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Punished for what I do right - Daily News Egypt

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Punished for what I do right

It is only natural that people go to sleep not sure that they will wake up alive the next day, but what is not natural is the new feeling I have these days. I go to sleep everyday not sure that I will wake up to go to work the next day, I go to …

It is only natural that people go to sleep not sure that they will wake up alive the next day, but what is not natural is the new feeling I have these days.

I go to sleep everyday not sure that I will wake up to go to work the next day, I go to sleep waiting for the 3 am knock on the door. The State Security Officials (or the “dawn visitors as Egyptians have been calling them since the Nasser era when the regime used to crack down on its political opponents through mass arrests) have been especially active over the past few weeks, harassing tens of families, and threatening tens of children and parents of political opponents.

For over 50 years now, the successive Egyptian regimes have chosen one way to deal with their political opponents: imprisonment.

No matter what this opposition group’s ideology was – leftist, liberal or Islamist – it could only be allowed to function safely if it was not strong enough. As soon as the group becomes a powerful opposition force that could threaten the interests of those in power, prison would be the only option left for the regime – the price of freedom, democracy and dignity paid by thousands of honorable Egyptians with different political views.

This imprisonment usually starts with a knock on the door around 3 am; a knock that terrifies children and babies, one that could even be fatal to worried, older people. This knock is probably the worst thing a political opponent could face.

Not only will this knock signal a temporary halt on my freedom, but it will also mean (at least to me) that my parents will have to suffer seeing me driven out of my warm bed and away from my loving family to a cold cell with a group of political prisoners, and in some cases a group of criminals.

My mother is already afraid. With this unappreciated activism of the dawn visitors, she keeps calling me all the time to make sure I am safe. The mother’s love and tenderness have put her in a very awkward position. On the one hand, she believes in what I am doing, she loves this country just as much as I do, and is proud that she has brought up her child to love this country and care about its future.

She is proud, I am sure, that this love and care is translated into positive action; it has been translated into a peaceful struggle for reform in a hope for a better Egypt.

On the other hand, my mother is afraid. Everyday in the news she sees and reads about tens of honorable men getting arrested for doing the same thing I am trying to do. I know she hates it when she says that, but she wants me to freeze all my activities and calm down on my calls for reforms.

She could not believe the accusations made by the state-owned media, which claim that these arrests are to protect the safety of the country and the well-being of its people. She knows quite well that those honorable detainees care about their country much more than those who arrest them.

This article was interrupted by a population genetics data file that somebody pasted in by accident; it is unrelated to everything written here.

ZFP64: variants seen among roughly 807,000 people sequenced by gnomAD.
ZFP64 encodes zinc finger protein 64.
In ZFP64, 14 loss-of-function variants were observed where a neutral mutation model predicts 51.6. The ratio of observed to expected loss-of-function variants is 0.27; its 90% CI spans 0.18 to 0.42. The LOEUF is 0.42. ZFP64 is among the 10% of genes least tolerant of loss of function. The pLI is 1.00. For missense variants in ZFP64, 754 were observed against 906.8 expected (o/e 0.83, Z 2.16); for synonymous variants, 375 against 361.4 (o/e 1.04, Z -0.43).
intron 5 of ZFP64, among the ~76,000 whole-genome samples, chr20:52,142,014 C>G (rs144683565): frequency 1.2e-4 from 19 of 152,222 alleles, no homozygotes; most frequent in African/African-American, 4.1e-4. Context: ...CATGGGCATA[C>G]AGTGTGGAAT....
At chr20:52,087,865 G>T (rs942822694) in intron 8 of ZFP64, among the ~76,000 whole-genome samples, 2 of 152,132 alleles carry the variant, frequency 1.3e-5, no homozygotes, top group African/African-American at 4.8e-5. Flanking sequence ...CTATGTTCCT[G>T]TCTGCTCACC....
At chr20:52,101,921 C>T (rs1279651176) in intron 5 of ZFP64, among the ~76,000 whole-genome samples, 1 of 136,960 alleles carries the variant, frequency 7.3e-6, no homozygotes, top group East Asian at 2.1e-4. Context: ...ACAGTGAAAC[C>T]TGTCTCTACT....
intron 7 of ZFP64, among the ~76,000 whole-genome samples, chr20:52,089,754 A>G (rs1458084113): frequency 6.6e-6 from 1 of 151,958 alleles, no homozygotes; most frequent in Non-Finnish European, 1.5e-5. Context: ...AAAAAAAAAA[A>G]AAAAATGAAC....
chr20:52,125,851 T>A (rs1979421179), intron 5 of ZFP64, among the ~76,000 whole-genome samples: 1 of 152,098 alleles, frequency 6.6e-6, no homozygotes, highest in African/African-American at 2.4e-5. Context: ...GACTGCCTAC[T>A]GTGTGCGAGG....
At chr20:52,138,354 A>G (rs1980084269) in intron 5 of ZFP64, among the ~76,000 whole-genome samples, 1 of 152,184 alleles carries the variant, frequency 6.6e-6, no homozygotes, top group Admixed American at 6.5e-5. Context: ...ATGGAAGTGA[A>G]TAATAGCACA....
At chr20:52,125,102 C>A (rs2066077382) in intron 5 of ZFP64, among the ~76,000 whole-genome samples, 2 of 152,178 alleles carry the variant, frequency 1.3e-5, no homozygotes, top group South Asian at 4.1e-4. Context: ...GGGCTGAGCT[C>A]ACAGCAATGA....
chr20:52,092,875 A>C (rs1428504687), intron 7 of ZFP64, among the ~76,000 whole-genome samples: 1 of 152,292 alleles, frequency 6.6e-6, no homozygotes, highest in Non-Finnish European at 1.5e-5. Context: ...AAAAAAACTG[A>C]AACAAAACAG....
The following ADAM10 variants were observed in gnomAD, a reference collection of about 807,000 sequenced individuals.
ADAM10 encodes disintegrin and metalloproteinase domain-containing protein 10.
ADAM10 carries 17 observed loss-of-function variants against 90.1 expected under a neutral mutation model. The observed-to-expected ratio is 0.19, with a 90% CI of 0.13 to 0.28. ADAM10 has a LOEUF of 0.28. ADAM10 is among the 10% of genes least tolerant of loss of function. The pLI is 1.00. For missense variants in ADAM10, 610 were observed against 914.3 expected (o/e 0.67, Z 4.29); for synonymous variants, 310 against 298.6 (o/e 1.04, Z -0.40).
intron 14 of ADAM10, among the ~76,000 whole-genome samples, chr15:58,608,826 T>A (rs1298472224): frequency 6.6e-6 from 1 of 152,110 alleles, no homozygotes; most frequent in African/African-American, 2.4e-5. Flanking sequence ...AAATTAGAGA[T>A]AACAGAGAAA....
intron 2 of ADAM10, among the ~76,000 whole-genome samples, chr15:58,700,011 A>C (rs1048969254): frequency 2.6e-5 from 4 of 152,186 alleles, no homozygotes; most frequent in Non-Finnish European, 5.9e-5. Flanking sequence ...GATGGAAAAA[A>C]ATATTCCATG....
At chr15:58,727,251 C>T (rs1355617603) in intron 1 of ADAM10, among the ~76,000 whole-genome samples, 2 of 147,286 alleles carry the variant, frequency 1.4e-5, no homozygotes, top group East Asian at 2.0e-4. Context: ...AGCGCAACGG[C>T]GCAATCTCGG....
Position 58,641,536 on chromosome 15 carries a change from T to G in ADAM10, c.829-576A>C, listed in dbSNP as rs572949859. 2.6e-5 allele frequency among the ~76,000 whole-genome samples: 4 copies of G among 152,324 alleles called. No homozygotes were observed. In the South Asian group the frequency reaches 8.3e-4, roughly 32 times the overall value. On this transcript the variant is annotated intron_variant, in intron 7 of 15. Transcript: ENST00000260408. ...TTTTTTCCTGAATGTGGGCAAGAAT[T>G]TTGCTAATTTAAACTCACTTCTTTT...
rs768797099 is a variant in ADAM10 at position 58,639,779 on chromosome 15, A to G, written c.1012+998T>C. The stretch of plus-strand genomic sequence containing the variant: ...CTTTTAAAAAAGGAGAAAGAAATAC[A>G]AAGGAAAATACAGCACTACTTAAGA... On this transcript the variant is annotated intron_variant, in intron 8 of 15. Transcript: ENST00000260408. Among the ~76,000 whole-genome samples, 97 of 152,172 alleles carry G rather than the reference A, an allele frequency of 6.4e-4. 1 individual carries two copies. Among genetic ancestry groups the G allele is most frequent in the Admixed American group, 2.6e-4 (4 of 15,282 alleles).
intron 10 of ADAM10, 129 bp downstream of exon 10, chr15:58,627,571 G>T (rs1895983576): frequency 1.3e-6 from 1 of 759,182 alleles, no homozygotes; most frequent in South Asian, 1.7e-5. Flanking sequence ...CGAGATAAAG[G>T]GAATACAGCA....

It doesn’t take a genius to know that a person accused of wanting to establish a political party (that was the accusation that sent Muslim Brotherhood members to a martial court and prison in 1995) to oppose the regime cares more about the country than a regime that illegally holds over 20,000 political prisoners, and has led Egypt to poverty, corruption and underdevelopment, despite all their promises.

Personally, I am not afraid, but rather upset. I am not afraid because I know that freedom is not granted, but earned. I know that there is a price for this freedom, and I value freedom, justice and equality so I am willing to pay this price. I am not afraid because I trust in Allah, and I know He will reward me and protect me (even if I’m imprisoned) if I am sincere in calling for reform for the good of my country.

Of course I hate to compromise my freedom, and I want to sleep confidently in my warm bed, but I would willingly give it up for the freedom of my country; and would willingly face injustice if that was what it takes for justice to prevail.

What upsets me though is that if I were arrested, I would be imprisoned for the wrong reasons. Every human being is by nature a mixture of good and evil. He does virtuous and bad deeds. Good people are those whose good deeds significantly outnumber their bad ones, and not those who have no bad deeds.

So being human, I too do some good things, and some bad ones.

I usually exceed the speed limit when driving or swear at other drivers in the street. I may sometimes be rude to people; I do not always pray on time, I am not always nice enough to my parents, and I sometimes pay some “extra tips to facilitate the flow of legal requests in government offices whenever necessary.

But ironically, none of these would be reason why I might be imprisoned or punished.

The reason would be that I love my country.

I could be punished for peacefully working to develop my country. If I was punished, it will be because I once dreamt of a better, safer, more developed and more civilized Egypt, and then decided to work to make my dream come true. Just like other Muslim Brotherhood members, if I was punished, I would only be punished for the right things I do.

Topics: Wael Ghonim

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